Google Glass has been in the works for over two years. The initial prototype is older than that. The first Glass prototype was assembled sometime around August of 2011 and weighed about 8 pounds. Google announced Glass and showed them off to us at Google I/O in June of 2012. The evolution of Glass is pretty impressive, and is really fun to track. Current iterations of Glass weigh less than your average pair of sunglasses. There's even a prescription version of Glass for people who need prescription lenses.
Glass isn't available to consumer yet, but the Explorer program is open to just about anyone who wants to spend $1,500 for them. We know Glass is coming soon in a consumer package for less than that price. They may be announced at Google I/O in June of this year. The Glass team took to Google+ today to show us how far Glass has come, and to break down some of the myths surrounding the project.
Some of the myths they bust are "Glass is the ultimate distraction from the real world" and "Glass is always on and recording everything." As the Google Glass project gets closer to a public release, setting the record straight on some of these topics is key to helping consumers understand what Glass is, and what it isn't. They even admit that Glass isn't ready for primetime yet. "In the last 11 months, we've had nine software updates and three hardware updates based, in part, on feedback from people like you. Ultimately, we hope even more feedback gets baked into a polished consumer product ahead of being released. And, in the future, today's prototype may look as funny to us as that mobile phone from the mid 80s."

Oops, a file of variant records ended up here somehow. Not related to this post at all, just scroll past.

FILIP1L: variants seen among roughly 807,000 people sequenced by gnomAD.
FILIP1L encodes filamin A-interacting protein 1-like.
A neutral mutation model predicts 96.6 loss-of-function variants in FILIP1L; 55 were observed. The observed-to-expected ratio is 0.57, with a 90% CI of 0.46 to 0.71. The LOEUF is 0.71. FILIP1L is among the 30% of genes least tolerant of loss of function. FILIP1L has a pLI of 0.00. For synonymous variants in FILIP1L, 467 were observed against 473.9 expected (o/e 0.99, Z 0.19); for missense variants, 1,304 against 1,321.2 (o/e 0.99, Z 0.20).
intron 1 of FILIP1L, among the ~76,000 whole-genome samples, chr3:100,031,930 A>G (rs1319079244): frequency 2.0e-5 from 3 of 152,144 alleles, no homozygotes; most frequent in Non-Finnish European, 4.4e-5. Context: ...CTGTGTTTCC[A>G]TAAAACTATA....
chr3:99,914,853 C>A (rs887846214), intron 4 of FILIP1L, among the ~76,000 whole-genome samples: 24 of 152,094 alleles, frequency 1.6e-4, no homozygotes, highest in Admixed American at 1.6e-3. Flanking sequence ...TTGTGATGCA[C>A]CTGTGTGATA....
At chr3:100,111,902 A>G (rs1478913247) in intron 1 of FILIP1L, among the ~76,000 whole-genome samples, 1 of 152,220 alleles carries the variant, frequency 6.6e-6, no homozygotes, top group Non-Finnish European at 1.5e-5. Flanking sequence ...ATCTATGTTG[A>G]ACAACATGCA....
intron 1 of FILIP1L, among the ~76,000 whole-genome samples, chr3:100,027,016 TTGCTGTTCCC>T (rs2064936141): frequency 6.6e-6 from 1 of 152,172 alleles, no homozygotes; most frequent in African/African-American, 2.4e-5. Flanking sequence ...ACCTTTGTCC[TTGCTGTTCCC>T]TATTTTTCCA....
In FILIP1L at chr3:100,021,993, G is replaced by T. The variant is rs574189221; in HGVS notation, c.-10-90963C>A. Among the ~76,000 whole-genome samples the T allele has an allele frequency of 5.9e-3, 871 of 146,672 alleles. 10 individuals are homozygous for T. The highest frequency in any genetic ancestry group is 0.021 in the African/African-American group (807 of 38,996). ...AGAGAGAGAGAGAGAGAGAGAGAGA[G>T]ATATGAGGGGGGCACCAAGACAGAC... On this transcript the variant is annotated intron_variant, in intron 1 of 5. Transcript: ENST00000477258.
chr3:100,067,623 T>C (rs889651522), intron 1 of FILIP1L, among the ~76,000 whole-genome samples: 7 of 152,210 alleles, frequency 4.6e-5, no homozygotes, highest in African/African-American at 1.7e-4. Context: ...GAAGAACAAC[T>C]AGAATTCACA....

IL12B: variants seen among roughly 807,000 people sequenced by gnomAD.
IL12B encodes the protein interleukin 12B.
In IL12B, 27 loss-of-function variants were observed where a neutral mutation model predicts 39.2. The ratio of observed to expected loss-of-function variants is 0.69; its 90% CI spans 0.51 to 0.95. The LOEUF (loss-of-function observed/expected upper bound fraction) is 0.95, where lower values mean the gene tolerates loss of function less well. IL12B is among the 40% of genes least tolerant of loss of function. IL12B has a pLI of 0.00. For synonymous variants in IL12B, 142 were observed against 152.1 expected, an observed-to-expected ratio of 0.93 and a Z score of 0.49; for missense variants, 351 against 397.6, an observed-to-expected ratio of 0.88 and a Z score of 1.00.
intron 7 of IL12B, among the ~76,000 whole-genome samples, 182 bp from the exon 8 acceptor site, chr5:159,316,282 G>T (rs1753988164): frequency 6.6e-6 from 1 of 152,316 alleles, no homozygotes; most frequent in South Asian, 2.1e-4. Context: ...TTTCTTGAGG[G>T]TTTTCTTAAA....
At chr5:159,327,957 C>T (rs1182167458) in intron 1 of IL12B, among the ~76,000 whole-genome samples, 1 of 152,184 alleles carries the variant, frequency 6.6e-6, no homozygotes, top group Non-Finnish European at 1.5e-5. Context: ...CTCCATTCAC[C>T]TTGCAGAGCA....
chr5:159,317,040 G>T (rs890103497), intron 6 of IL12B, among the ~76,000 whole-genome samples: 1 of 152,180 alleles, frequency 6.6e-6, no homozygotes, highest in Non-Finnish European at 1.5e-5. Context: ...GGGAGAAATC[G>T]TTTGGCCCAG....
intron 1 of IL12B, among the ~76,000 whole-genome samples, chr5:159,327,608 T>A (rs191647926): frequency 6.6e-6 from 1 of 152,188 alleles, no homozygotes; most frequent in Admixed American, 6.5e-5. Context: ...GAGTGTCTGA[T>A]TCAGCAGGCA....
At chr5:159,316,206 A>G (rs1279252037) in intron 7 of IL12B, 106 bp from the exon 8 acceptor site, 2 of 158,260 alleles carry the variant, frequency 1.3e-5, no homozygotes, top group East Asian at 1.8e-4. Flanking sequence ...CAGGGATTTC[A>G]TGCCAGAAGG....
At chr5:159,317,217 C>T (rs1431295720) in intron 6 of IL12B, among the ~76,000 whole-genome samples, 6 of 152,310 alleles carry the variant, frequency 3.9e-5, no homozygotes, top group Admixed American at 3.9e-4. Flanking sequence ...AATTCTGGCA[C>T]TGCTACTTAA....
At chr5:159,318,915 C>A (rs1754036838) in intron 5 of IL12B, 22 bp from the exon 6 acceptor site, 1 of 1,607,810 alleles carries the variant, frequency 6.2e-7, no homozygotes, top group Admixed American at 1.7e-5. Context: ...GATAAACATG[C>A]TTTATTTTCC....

Other myths that the team addresses include some of the major privacy and security concerns that have surfaced in the short time that Glass has been in the public eye. Statements like "Glass is the perfect surveillance device" are simply not true. Google Glass definitely does not mark "the end of privacy" either. People have been worried about cameras and privacy for over a century. The Glass team puts it this way: "When cameras first hit the consumer market in the late 19th century, people declared an end to privacy. Cameras were banned in parks, at national monuments and on beaches. People feared the same when the first cell phone cameras came out. Today, there are more cameras than ever before. In ten years there will be even more cameras, with or without Glass."
I'm guessing that most of you are not worried about Glass. If you are, or if you just need some ammunition for your friends and family that have questions, hit the source link below and school yourself on Google Glass.